Some of our sister circuits have read 11 U.S.C. § 523(a)(1)(C) differently, interpreting the statute to require the government to show that the debtor "(1) had a duty to pay taxes under the law, (2) knew he had that duty, and (3) voluntarily and intentionally violated that duty." Vaughn, 2014 WL 4197347 at *6; Coney, 689 F.3d at 371; Gardner, 360 F.3d at 558; Fretz, 244 F.3d at 1330; Fegeley, 118 F.3d at 984; Birkenstock, 87 F.3d at 952; Dalton, 77 F.3d at 1300.

To the extent that these cases can be construed, as the government does, as holding that a tax debt cannot be considered dischargeable if the acts were committed intentionally, but not necessarily for the purpose of evading taxation, we respectfully disagree. However, most of the cases involve intentional acts or omissions designed to evade taxes, such as criminal structuring of financial transactions to avoid currency reporting requirements (Coney, 689 F.3d at 369); concealing assets through nominee accounts (Vaughn, 2014 WL 4197347 at *6; Gardner, 360 F.3d at 559; Birkenstock, 87 F.3d at 952); concealing ownership in assets (Vaughn, 2014 WL 4197347 at *6; Dalton, 77 F.3d at 1302); and failing to file tax returns and pay taxes (Fretz, 244 F.3d at 1329; Fegeley, 118 F.3d at 984). These actions are not inconsistent with a specific intent requirement. And, although lavish lifestyle and ability to pay taxes have been mentioned by some Circuits, see, e.g., Vaughn, 2014 WL 4197347 at *6, no Circuit has held that living beyond one's means alone constitutes willful tax evasion, and no circuit has held that failure to pay taxes, by itself, constitutes willful tax evasion within the meaning of that clause in § 523(a)(1)(C).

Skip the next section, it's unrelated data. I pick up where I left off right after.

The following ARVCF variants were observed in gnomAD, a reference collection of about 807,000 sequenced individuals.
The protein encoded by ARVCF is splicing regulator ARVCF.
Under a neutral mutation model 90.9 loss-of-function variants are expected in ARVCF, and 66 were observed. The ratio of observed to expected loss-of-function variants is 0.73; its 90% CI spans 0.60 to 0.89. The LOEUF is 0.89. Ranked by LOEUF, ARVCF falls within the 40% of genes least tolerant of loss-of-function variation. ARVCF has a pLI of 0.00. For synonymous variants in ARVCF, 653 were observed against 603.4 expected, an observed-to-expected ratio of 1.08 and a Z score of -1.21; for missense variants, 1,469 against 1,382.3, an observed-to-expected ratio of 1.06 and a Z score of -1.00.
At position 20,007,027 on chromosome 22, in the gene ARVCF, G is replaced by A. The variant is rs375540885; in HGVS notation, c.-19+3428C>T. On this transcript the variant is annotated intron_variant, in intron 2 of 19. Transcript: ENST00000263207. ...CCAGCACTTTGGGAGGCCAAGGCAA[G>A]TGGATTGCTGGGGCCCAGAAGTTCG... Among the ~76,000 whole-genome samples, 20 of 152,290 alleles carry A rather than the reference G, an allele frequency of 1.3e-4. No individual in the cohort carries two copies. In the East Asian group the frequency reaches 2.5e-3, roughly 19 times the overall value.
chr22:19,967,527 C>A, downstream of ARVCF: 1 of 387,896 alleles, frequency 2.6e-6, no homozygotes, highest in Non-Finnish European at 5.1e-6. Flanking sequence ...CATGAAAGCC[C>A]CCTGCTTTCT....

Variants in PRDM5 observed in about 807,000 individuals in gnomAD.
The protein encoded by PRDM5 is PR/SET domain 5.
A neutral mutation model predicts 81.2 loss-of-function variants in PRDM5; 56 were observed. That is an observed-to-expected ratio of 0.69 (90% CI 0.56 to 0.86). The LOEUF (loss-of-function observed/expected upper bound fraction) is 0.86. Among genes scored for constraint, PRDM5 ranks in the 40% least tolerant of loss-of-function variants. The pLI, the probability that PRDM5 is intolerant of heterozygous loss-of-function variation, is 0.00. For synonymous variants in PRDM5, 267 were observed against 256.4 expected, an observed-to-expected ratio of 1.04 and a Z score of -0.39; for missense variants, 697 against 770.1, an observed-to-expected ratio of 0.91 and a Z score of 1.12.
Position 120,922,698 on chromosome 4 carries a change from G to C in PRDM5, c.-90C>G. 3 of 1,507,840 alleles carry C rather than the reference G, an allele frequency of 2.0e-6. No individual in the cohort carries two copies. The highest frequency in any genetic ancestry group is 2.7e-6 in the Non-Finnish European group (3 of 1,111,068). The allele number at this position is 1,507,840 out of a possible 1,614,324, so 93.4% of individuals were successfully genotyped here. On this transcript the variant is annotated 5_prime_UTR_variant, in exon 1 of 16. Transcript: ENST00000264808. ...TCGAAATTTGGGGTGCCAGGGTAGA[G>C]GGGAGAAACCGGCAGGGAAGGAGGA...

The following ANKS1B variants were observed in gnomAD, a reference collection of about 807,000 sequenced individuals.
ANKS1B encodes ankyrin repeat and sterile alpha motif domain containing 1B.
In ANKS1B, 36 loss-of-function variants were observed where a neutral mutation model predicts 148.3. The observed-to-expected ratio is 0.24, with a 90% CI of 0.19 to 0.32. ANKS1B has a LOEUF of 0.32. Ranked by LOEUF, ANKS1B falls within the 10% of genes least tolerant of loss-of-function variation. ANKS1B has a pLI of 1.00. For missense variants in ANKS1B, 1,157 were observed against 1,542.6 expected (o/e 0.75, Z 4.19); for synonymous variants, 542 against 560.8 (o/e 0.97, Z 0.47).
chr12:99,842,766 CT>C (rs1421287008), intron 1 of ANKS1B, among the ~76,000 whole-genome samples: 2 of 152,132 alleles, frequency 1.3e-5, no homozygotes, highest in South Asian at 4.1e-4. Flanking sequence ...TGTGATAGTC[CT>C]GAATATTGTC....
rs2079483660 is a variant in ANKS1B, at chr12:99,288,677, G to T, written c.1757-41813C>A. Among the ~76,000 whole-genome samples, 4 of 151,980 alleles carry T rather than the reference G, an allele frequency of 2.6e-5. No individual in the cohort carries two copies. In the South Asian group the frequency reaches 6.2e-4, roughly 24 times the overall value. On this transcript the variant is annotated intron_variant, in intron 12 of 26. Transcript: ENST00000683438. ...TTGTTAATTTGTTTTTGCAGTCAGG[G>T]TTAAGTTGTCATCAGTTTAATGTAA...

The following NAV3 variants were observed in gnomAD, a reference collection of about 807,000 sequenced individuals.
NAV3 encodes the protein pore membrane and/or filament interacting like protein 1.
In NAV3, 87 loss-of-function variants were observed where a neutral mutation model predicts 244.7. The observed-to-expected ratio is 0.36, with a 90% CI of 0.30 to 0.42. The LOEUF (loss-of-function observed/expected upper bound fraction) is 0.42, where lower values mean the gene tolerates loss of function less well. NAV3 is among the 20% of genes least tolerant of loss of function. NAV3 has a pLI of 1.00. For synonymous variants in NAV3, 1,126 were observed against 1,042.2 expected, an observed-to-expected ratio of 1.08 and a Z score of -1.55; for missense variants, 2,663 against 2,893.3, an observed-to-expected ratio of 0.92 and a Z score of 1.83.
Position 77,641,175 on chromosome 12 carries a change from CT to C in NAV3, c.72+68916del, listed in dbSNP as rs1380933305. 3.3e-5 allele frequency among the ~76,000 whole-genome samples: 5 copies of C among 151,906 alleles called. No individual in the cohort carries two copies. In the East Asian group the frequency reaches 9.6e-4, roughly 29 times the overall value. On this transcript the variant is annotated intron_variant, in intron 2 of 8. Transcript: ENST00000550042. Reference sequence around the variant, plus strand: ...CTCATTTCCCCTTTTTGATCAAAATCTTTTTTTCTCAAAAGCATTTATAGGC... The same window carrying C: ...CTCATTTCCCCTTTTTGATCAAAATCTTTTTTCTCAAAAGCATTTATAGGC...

Absent circuit law on this question, the district and bankruptcy courts held that specific intent to evade taxes was not required in order to except a tax debt from discharge under 11 U.S.C. § 523(a)(1)(C) and relied in large part on the Hawkinses' spending beyond their income as the basis for denying tax debt discharge. Aside from the KPMG transactions, most of the expenditures on which the government relies were made consistent with Hawkins's past spending practices, and investments were made in property that would be subject to tax liens. As far as the record discloses thus far, there were no financial transfers into nominee accounts or concealment of assets, although the government claims that some funds ordered paid into trust by the family court were done so with the intent of tax evasion.

The government rightly points out that there were other facts that supported a finding of a willful failure to evade taxes that were cited as part of the decisions. However, given the heavy reliance on lifestyle choices in the decisions, it is not possible for us to determine if the district or bankruptcy court decisions would have been different without that consideration, and we decline to evaluate the other evidence tendered by the government in the first instance on appeal. Because neither the district court nor the bankruptcy court had the benefit of our conclusion that denial of discharge for "willfully attempt[ing] in any manner to evade or defeat" a tax debt requires that the acts be taken with the specific intent to evade the tax, we vacate the judgment and remand so that the courts can reanalyze the case using the specific intent standard. We need not, and do not, reach any other issue urged by the parties. Each party shall bear its or their own costs on appeal.


RAWLINSON, Circuit Judge, dissenting:

I respectfully dissent. I agree with the majority that the rich are different in many ways, but that difference should not include an unfettered ability to dodge taxes with impunity.

There is little doubt, if any, that William Hawkins deliberately decided to spend money extravagantly rather than pay his duly assessed state and federal taxes. Hawkins now seeks to discharge these taxes in bankruptcy.

The Bankruptcy Code precludes discharge of tax debts "with respect to which the debtor made a fraudulent return or willfully attempted in any manner to evade or defeat such tax." 11 U.S.C. § 523(a)(1)(C). We must now decide whether Hawkins' actions avoiding payment of the taxes was "willful." I disagree with the majority on this point.